I’ve had a hard time coming to terms with Chuck‘s character. Unlike the BB/BCS show universe’s more traditional black-and-white villains, he is painted almost exclusively in shades of grey. What we know about Chuck is that he used to be an exceptional lawyer, and that his divorce triggered this obscure mental illness manifested in his aversion to electricity. Pretty much everything else is left up to interpretation, and that’s where things get hazy.

Although a bright legal mind and obviously not a dummy, he spends years locked up in his own home, devoid of modern technology and forcing his few visitors to abide by his strange requests. He is continuously enabled not only by Jimmy but also his law firm and not once do we see him seek professional help for his condition until it is clearly demonstrated to him, in court of all places, that electricity doesn’t pose a real threat to his health.

The few flashback scenes we’ve seen between Chuck and Jimmy show a big brother who was actually caring, and a little brother who looked up to him; Chuck’s resentment of Jimmy doesn’t even seem to surface before that poignant scene by their mother’s deathbed, and even then, it wasn’t rooted in anything wrong done by Jimmy himself at that point.

I can’t speak as to which extent his mental illness affected his feelings towards his brother in recent years, but from everything we’ve seen it’s pretty safe to assume that Chuck’s resentment towards Jimmy began much, much earlier. And yes, I realize that mental illness doesn’t just magically pop up overnight, so it had probably been dormant for a while and just surfaced due to a traumatic event (in Chuck’s case, having his brother work at his firm and being left by Rebecca). Still, it would be a stretch to presume that his debilitating condition manifests itself in both his fear of electricity and his apparent hatred for his brother. As far as I’m concerned, Chuck’s enmity towards Jimmy was probably exacerbated by his illness, but was definitely a preexisting situation.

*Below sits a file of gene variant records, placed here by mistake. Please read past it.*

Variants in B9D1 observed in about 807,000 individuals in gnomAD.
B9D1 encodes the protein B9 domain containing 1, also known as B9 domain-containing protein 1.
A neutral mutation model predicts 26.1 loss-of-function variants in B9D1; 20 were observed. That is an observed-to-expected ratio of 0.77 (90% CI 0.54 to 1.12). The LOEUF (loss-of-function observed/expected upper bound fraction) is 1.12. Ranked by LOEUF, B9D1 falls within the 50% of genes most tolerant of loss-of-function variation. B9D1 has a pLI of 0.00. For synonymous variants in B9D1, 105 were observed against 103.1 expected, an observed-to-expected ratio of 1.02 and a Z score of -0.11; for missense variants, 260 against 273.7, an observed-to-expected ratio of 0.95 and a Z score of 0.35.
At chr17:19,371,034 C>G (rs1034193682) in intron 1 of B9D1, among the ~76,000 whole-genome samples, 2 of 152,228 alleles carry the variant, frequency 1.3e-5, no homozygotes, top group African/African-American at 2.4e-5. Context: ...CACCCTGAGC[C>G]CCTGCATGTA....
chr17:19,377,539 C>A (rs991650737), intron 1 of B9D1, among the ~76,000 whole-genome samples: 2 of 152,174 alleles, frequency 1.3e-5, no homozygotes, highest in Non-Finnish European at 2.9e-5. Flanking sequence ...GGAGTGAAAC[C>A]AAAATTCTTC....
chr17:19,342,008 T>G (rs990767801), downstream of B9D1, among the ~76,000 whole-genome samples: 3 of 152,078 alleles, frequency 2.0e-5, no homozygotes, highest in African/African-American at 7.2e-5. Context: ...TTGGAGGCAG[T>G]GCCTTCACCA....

And it was pretty heartbreaking at times, not only because it came across as utter ungratefulness to his brother, who had basically become his sole caretaker for years. Feeling as though he had been playing second fiddle to Jimmy his whole life in the eyes of his parents, probably due to his utter lack of charm in contrast to Jimmy’s abundance of charisma, he was so determined to prove himself as his superior in every way that he couldn’t even afford him a single act of kindness since his initial employment of Jimmy at the firm’s mail room. His single-minded obsession with… not the law per se, but the notion of upholding the law and maintaining a certain degree of his own brand of morality, had given him tunnel vision when it came to his brother.

Instead of interpreting Jimmy’s ambition to follow in his footsteps and become a lawyer himself as the actions of a little brother’s admiration of the older sibling he idolized, he took it as a personal slight. How dare a man like Jimmy, a glorified con artist, wish to emulate him and bask in his upgraded status of attorney at law? And to pursue employment at his own law firm?! Preposterous.

Instead of trying to set a good example and steer Jimmy away from his old scamming ways, he had become certain that Jimmy was beyond salvation and did everything in his power to sabotage his brother’s attempt at finally becoming the upstanding citizen he saw himself as; in doing so, Chuck pushed Jimmy even further into deceitful methods to attain his goals, and – even worse – into lashing out with vengeful tactics, thus perpetuating their rivalry.

That isn’t a man whom viewers could possibly root for. Which is not to say that Jimmy is blameless is this situation, of course.

Still, Charles’s arrogance, self-involvement and utter lack of empathy might have, at certain times, been mitigated by his mental illness, if he hadn’t so expertly used his condition to manipulate the people in his life. Although ‘moral’ on paper, his actions betrayed a degree of malice that was really tough to swallow, especially when we had such a clear example of someone who, despite operating on the other end of the legal spectrum, displayed so much more humanity and compassion.